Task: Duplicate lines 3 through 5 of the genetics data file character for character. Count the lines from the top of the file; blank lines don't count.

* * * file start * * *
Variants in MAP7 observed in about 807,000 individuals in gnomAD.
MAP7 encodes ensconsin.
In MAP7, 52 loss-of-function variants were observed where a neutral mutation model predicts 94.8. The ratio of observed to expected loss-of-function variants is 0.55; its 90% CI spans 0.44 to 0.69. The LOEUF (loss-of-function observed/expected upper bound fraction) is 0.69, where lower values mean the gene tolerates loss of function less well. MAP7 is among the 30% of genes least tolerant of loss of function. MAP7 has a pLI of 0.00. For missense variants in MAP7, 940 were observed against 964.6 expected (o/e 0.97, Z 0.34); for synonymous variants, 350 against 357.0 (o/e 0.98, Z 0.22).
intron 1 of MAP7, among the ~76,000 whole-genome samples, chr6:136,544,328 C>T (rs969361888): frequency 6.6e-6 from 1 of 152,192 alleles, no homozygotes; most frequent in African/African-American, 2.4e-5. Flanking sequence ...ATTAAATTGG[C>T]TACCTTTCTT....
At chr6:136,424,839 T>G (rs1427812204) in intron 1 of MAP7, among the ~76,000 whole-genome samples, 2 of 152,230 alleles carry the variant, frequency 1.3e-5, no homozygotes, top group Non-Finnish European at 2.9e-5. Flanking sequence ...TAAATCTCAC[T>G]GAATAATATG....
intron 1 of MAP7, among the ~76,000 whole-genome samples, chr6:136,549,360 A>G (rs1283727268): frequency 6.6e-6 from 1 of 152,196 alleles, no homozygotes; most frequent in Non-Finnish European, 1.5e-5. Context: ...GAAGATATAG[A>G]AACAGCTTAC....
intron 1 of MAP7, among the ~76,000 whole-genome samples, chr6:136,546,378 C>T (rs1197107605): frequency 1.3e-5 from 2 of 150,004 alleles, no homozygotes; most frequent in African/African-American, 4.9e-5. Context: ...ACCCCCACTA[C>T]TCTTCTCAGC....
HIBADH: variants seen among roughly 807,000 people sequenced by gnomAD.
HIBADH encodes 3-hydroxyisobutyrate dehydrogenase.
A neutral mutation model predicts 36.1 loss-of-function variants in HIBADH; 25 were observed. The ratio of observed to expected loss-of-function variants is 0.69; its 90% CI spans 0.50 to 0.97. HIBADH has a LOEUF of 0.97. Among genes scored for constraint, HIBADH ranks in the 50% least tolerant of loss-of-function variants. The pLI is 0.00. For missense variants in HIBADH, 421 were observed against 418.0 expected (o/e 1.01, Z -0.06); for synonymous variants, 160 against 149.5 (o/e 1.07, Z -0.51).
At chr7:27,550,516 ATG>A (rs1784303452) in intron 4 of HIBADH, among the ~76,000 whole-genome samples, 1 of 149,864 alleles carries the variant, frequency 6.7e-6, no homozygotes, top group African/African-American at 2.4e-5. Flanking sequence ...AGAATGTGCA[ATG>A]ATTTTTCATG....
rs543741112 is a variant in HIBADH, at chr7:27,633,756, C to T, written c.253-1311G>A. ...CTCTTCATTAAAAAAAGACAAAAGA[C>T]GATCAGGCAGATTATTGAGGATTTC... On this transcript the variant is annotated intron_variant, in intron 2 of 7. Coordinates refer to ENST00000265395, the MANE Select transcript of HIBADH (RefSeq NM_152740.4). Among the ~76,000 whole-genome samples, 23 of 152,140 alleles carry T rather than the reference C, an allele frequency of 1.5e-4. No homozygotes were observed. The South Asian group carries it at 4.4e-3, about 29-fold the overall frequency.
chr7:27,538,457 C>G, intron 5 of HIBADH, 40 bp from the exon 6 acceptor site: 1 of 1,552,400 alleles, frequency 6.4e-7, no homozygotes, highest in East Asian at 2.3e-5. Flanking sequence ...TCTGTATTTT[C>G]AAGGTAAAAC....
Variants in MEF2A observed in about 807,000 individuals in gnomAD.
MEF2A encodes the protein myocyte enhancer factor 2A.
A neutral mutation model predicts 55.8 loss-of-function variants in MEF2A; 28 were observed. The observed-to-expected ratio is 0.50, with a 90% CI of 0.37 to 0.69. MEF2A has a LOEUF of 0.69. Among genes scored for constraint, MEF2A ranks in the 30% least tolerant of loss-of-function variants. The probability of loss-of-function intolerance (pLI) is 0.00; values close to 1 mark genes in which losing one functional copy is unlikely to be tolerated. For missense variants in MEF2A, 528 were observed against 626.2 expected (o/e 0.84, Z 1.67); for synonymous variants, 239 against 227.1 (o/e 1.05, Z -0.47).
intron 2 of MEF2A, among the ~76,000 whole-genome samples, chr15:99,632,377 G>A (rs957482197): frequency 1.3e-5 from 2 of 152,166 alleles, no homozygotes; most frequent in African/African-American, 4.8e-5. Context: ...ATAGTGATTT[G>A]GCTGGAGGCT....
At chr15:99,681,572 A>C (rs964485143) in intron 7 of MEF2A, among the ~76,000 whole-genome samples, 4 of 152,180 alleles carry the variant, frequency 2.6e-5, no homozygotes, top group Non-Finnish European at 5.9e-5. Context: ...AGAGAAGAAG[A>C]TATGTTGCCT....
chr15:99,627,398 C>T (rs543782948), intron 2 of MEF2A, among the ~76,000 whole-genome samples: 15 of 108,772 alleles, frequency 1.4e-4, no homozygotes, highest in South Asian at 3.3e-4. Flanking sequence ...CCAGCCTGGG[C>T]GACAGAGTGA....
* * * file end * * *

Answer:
In MAP7, 52 loss-of-function variants were observed where a neutral mutation model predicts 94.8. The ratio of observed to expected loss-of-function variants is 0.55; its 90% CI spans 0.44 to 0.69. The LOEUF (loss-of-function observed/expected upper bound fraction) is 0.69, where lower values mean the gene tolerates loss of function less well. MAP7 is among the 30% of genes least tolerant of loss of function. MAP7 has a pLI of 0.00. For missense variants in MAP7, 940 were observed against 964.6 expected (o/e 0.97, Z 0.34); for synonymous variants, 350 against 357.0 (o/e 0.98, Z 0.22).
intron 1 of MAP7, among the ~76,000 whole-genome samples, chr6:136,544,328 C>T (rs969361888): frequency 6.6e-6 from 1 of 152,192 alleles, no homozygotes; most frequent in African/African-American, 2.4e-5. Flanking sequence ...ATTAAATTGG[C>T]TACCTTTCTT....
At chr6:136,424,839 T>G (rs1427812204) in intron 1 of MAP7, among the ~76,000 whole-genome samples, 2 of 152,230 alleles carry the variant, frequency 1.3e-5, no homozygotes, top group Non-Finnish European at 2.9e-5. Flanking sequence ...TAAATCTCAC[T>G]GAATAATATG....